WASHINGTON - United States lawmakers are proposing to ban military purchases of Chinese-made drones on grounds of national security, the Wall Street Journal reported on Sunday (July 7)
The National Defence Authorisation Act passed by the Senate last week would bar Chinese drones for military use as US officials grow worried that the country's reliance on Chinese drones may be putting critical US infrastructure at risk, the Journal reported.
The concern was that the drones may be sending information back to the Chinese government or hackers elsewhere to use for cyber attacks or other offences, it said.
The House version of the Bill, expected to get a vote this month, would ban foreign drones, the report said.
"Chinese-made drones pose a huge national-security risk," said Senator Chris Murphy, a Democrat from Connecticut, who pushed for the Senate provision.
"We must do everything we can to reverse course, and put local manufacturing jobs and national security first."
The Pentagon last year banned purchases of commercial, off-the-shelf drones until it can determine how to mitigate security risks, including when drones are used for surveillance of military installations and critical infrastructure, the Journal reported.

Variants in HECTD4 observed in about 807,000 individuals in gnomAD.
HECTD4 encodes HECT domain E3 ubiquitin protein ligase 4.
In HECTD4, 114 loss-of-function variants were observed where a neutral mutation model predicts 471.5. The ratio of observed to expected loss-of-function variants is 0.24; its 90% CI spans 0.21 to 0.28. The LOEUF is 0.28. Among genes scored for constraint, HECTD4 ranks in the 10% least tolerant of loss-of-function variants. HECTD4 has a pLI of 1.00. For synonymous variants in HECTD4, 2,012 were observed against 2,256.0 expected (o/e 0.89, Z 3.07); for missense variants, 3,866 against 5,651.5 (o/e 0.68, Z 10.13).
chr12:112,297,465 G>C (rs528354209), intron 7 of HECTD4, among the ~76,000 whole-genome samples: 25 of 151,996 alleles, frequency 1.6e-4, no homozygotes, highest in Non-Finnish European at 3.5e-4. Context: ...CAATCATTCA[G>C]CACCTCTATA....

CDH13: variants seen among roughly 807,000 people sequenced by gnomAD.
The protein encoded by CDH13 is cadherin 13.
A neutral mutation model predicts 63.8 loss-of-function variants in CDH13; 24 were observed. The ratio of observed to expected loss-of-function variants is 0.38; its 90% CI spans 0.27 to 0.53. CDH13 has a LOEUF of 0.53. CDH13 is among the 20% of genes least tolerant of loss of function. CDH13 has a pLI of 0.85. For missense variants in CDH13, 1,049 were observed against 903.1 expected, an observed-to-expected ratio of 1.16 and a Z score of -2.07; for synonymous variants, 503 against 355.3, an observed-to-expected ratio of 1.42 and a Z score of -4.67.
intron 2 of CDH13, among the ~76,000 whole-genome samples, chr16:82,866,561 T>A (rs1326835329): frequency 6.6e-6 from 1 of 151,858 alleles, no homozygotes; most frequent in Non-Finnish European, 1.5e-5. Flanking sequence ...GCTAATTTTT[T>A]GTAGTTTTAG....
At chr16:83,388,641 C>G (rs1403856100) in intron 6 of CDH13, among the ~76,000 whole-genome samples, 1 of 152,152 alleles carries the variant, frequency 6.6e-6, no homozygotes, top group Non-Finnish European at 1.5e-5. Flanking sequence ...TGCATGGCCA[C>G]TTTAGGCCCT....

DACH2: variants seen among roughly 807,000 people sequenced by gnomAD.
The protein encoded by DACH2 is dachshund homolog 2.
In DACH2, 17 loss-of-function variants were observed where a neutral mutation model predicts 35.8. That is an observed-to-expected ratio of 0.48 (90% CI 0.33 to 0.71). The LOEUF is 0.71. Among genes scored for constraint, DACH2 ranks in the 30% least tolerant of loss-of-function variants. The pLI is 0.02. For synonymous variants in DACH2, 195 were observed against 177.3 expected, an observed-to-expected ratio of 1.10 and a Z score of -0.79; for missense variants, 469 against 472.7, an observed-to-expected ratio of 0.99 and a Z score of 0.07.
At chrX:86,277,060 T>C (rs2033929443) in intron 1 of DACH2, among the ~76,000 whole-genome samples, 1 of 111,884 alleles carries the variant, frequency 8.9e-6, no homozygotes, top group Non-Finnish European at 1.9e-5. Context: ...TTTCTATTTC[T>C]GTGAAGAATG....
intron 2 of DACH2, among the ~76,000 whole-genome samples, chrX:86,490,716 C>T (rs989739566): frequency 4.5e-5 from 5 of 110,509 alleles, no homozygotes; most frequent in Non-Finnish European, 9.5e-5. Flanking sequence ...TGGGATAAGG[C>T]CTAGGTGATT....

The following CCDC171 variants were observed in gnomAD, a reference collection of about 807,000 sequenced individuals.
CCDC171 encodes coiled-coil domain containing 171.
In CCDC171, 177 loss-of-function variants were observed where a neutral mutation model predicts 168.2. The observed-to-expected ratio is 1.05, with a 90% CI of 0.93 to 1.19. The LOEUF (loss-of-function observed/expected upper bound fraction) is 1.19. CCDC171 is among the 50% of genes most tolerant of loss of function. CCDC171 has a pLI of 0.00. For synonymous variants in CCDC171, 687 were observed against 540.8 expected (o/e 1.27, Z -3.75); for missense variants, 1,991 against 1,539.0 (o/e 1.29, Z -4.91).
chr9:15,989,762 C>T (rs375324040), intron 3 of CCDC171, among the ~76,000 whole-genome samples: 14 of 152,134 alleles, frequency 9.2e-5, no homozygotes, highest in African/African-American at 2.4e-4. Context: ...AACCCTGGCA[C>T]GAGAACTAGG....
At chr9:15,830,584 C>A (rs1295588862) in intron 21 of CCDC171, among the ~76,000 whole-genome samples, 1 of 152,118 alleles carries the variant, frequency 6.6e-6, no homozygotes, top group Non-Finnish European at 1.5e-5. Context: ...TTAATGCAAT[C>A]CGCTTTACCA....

In a 2017 memo, the US Department of Homeland Security warned that it believes that Chinese firm DJI, the world's largest maker of consumer drones, is "selectively targeting government and privately owned entities within these sectors to expand its ability to collect and exploit sensitive US data".
DJI disputes that, however, saying some of its drones can be modified to prevent their transmitting data back to the company or connecting to the Internet, and that the Chinese government has never sought the data that the DJI does have.
DJI officials also say that an Interior Department report released on Wednesday had concluded that DJI drones meet that department's security standards. DJI plans to assemble drones at a plant in Cerritos, California, to serve the US market.
Competitors struggle to match DJI's prices, and the weak state of the domestic drone industry has become a national defence concern, the Journal reported.
A White House memo of June 10 instructed the Defence Department to find a fix for the "shortfall in the defence industrial base relating to production of small unmanned aerial systems".